Wednesday, September 26, 2007

Winnie the "Who?"

Do you remember watching "The Wonder Years" on TV several years ago(1988-1993). No? Well I sure do. I starred Fred Savage (incidentally named "Kevin") as a kid growing up in Anytown, USA. The young female interest of Mr. Savage was "Winnie" wonderfully portrayed by Danica McKellar. Back then when I watched the show, the actors were about my age, and it was one of the shows I tuned in to watch regularly, primarily because of Ms. McKellar.

Well, today, I watch less TV than I used to and Ms. McKellar does less acting than she used to. I haven't thought of her in years, and she hasn't thought of me . . . . . . . . . . . . ever. But I came across and article today that gave an update on the now 32 year-old former actress. As it turns out, we have had similar career paths after "The Wonder Years." We both earned BS degrees in mathematics (BS meaning "Bachelor of Science," not what you were thinking.) She not only earned a math degree from UCLA, but she also earned it with honors. She was even fortunate enough to have her name attached to a theorem: The "Chayes-McKellar-Winn Theorem." I believe the theorem deals with the unlikely probability that a striking young Hollywood actress will eventually become a mathematician with a theorem to her name.

I currently have an unpublished theorem, called the "We're running out of detergent Theorem." It speculates how so much laundry can accumulate over a period of one week without people actually wearing it. (See previous blog on this topic) I'm still working out the finer points, but I think is has something to do with having a daughter who loves to play dress up."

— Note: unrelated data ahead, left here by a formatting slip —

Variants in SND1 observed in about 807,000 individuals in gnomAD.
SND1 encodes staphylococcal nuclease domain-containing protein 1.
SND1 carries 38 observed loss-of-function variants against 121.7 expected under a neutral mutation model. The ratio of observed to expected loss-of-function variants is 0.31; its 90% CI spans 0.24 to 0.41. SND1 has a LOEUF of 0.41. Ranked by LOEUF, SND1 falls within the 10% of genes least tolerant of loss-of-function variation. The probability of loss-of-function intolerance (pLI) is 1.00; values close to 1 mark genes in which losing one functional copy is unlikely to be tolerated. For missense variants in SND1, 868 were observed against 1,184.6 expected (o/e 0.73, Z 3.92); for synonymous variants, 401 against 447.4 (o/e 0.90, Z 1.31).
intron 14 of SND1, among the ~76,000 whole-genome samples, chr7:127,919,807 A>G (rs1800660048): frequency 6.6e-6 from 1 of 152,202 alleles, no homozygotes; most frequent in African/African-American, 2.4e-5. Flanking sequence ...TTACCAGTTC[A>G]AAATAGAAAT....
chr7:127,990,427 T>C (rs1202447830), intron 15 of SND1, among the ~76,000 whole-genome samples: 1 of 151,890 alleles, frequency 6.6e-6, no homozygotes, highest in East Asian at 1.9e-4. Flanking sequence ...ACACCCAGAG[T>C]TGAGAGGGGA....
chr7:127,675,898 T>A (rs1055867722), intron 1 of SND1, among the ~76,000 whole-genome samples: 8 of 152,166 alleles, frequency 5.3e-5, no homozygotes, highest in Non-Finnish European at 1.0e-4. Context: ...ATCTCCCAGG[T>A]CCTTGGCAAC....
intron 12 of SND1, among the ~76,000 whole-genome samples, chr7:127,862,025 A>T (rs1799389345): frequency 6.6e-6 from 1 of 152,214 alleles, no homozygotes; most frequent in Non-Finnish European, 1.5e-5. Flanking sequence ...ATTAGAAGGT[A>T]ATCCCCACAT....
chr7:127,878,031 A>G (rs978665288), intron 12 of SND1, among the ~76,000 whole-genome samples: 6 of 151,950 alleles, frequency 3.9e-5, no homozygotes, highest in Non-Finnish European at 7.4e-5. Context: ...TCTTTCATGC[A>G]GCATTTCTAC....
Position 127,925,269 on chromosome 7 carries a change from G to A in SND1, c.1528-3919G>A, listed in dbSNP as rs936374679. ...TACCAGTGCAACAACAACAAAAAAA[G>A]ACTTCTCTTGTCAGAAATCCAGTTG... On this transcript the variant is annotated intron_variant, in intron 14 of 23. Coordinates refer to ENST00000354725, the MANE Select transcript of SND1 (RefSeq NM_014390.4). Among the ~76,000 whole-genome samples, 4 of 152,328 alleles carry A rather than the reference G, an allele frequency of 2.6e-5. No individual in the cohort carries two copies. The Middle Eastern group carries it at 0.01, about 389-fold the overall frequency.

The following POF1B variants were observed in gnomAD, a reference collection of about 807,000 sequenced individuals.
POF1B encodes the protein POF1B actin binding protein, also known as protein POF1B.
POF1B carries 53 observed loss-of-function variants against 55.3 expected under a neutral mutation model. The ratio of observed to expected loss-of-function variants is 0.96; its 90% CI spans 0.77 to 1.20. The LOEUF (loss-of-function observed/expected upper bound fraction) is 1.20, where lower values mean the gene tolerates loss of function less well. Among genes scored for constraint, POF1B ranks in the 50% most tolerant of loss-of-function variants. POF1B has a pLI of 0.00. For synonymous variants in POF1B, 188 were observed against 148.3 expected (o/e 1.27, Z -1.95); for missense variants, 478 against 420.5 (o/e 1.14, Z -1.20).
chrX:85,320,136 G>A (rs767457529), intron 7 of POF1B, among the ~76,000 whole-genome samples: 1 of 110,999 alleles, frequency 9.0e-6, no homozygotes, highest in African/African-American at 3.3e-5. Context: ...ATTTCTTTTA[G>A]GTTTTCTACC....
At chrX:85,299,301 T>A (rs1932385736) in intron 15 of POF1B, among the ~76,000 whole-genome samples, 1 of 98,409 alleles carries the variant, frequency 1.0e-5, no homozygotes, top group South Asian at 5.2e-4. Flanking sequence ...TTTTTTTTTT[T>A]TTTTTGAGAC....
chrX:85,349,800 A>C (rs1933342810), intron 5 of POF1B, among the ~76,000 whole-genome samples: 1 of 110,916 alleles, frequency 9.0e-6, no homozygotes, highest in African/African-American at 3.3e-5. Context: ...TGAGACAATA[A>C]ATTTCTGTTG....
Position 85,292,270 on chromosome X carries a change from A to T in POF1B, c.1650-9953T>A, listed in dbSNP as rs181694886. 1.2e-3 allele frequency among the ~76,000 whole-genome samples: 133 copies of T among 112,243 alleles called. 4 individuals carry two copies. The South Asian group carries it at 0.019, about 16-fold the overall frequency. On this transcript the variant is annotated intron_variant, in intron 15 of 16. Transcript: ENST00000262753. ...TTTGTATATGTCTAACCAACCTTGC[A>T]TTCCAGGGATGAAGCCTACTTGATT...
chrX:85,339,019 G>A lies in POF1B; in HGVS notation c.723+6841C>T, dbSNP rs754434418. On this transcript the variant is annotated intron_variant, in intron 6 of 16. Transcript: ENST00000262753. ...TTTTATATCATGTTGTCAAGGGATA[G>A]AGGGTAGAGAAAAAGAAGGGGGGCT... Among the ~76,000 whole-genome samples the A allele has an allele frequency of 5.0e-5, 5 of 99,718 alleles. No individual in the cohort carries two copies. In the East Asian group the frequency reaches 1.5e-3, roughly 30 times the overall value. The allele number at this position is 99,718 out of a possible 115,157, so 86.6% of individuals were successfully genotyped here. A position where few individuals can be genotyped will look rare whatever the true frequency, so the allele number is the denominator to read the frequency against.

Anyway, Ms. McKellar has now written a book entitled "Math Doesn't Suck." To some, that theorem might sound a bit more difficult to prove. I can see the shelves at the bookstore with bungy straps across them to keep the books in place (as you can imagine they will just be "jumping" off the shelves.) I'll probably pick up a copy someday in a used bookstore. I'm sure it will be labled "Like New!" Seriously, though, it should be a good read for those who wish to reshape their own opinion about the subject. The book apparently is "aimed at helping young girls survive--and even thrive--in math class." She "uses cutesy graphics and teen-magazine staples like personality quizzes, horoscopes and straight-from-the-mall examples to spell out often confusing concepts like reciprocal fractions and prime factorization." Finally, a math book for girls! I can see a problem in it already: "If I change clothes 4 times a day for an entire week, but only change my socks twice daily, and if I leave it all laying on the floor of my room, how many pounds of laundry will be dad have to wash this week?" Thanks Winnie! Call me sometime, I'd like to discuss the real reason why you and Kevin never married? Were you looking for a Kevin who liked math? 'Cause . . .

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